Jennifer Sanders has a job almost no one else has done, working on a pilot concept only a limited number of people — mostly techies — really understand. And the future of Dallas as a diverse international city with a high quality of life for all its residents is at stake.
Sanders is the executive director and co-founder of the Dallas Innovation Alliance — the DIA for short. Her assignment is to develop a public-private partnership smart city strategy for Dallas. The clock on the one-year project in the West End of the city started in March 2017, and Sanders’ full report is due to Mayor Mike Rawlings in the first quarter of 2018.
What Are Smart Cities?
According to the Smart Cities Council, there isn’t yet an agreed upon definition of a smart city. In essence, smart cities collect, communicate and crunch a lot of information. Then again, so do businesses and universities, so that’s not a lot of insight.
Dr. Peter Williams works at IBM and teaches about smart cities at Stanford — he says smart cities employ the Internet of Things to improve the economic vitality, safety, environmental footprint and quality of life for a community. Better.
The TechTarget website defines a smart city as a municipality that uses technology to increase operational efficiency, share information with the public and improve the quality of government services. Still better.
For Dallas, Sanders’ mission is much more specific: determine what the intersection of technology, data and community initiatives looks like to improve economic development, resource efficiency and the quality of life for Dallas citizens.
The West End Project
In 2006, Dallas’ West End was being written off. Its once vibrant Shops at West End Marketplace closed, as did Planet Hollywood, the Cowboys Store and a large movie theater. Victory Park was the new place to be in Dallas.
Today, the 67 acres making up the West End is Sanders’ living lab – it’s part of the Dallas Innovation District where the smart city pilot project has taken root.
The Technology Of Smart Cities
Cities provide business and residents the infrastructure of services like public safety (police, fire and EMS departments), street lighting, water, electricity, traffic control, public transportation, parking and permitting. To determine what each department offered in resources and strengths, Sanders began by asset mapping. As sometimes happens between departments in any organization, Sanders found some communication silos.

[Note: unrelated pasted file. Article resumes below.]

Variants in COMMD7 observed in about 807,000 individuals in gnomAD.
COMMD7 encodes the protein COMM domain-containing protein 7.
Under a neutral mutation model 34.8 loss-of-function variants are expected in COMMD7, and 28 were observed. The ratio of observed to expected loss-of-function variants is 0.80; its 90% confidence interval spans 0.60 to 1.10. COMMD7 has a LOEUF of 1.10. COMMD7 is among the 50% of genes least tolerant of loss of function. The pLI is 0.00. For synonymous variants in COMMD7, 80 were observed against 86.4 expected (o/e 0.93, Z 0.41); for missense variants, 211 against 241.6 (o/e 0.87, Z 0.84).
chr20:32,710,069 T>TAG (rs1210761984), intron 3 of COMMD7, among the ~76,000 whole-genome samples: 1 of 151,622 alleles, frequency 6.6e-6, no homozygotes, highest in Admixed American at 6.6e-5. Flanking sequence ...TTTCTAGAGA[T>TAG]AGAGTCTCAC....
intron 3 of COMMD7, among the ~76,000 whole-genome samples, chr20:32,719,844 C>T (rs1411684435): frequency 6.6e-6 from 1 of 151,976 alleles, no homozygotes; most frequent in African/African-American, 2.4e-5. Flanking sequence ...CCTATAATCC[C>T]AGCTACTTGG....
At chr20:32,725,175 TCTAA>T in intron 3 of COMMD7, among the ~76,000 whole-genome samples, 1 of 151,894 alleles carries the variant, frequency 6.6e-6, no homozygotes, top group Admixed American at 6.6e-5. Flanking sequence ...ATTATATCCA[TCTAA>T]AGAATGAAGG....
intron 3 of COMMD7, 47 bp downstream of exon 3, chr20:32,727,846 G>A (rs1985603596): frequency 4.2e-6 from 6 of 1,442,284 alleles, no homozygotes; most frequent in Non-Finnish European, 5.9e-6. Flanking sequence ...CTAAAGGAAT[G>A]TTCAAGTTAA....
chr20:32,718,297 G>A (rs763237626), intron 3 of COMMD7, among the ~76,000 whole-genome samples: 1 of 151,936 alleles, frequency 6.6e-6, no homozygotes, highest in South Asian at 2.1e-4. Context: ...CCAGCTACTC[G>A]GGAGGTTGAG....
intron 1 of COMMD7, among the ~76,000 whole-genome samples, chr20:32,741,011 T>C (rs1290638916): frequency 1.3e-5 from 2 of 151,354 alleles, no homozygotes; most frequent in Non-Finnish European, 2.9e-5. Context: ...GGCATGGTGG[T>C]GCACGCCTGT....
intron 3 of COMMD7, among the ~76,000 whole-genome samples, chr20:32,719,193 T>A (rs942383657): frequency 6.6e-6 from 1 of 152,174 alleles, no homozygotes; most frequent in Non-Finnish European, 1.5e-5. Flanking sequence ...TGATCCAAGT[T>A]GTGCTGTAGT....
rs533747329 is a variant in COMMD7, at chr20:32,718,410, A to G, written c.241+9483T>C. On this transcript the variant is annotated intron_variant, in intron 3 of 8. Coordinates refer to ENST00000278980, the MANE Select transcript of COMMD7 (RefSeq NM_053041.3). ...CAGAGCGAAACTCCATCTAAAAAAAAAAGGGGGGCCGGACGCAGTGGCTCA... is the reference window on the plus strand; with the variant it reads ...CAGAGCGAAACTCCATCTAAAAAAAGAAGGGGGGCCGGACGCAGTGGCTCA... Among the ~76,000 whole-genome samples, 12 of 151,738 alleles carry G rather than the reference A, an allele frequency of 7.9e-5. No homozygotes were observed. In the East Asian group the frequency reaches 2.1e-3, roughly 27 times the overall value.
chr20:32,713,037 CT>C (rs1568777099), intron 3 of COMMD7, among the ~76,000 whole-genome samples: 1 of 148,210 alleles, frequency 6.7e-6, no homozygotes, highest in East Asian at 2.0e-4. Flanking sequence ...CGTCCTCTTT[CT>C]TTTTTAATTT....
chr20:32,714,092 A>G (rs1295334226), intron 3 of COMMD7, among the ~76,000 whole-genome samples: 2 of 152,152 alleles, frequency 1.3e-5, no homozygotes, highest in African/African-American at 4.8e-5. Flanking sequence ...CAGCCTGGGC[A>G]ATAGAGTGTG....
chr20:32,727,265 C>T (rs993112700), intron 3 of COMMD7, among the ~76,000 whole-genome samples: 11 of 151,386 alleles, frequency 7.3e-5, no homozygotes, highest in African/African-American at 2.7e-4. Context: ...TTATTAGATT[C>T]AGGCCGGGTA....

“Seven projects already going on and the various departments didn’t know what each other was working on,” she said.
Allocating resources starts with identifying the problems.
“It’s so important to identify the problem you’re trying to solve up front,” Sanders said. “It would be so easy for a city to attach itself to the technology first and figure out the problem later.”
Technology lays the groundwork for smart city infrastructure. Over the last decade, IoT sensors have better enabled the collection of data and the analytics that goes with it, allowing cities to make better decisions about where to put their resources.
The Public-Private Partnership And Data Collection
The DIA has 30 public-private partners in their smart city project, and the lead partner is Dallas-based AT&T. In 2015, the DIA began talking to AT&T about being part of the company’s SpotlightCities Initiative, and shortly thereafter, Dallas became one of the first cities to join.
Sanders says she believes in the public-private model. “It brings all the stakeholders to the table early,” she said, “to talk about common problems, share use cases and identify what’s most necessary to the region, allowing us to move quickly.”
Along with AT&T, the network of partners includes Cisco, IBM, Microsoft, AECOM, ParkHub, GE, CIVIQ Smartscapes and the United Way of Metropolitan Dallas. The partners work together with an integrated approach, and most of the companies involved in the alliance have already done expansive projects in Europe and Asia. Barcelona, Copenhagen, Vienna and Singapore are several years ahead of their US smart city counterparts.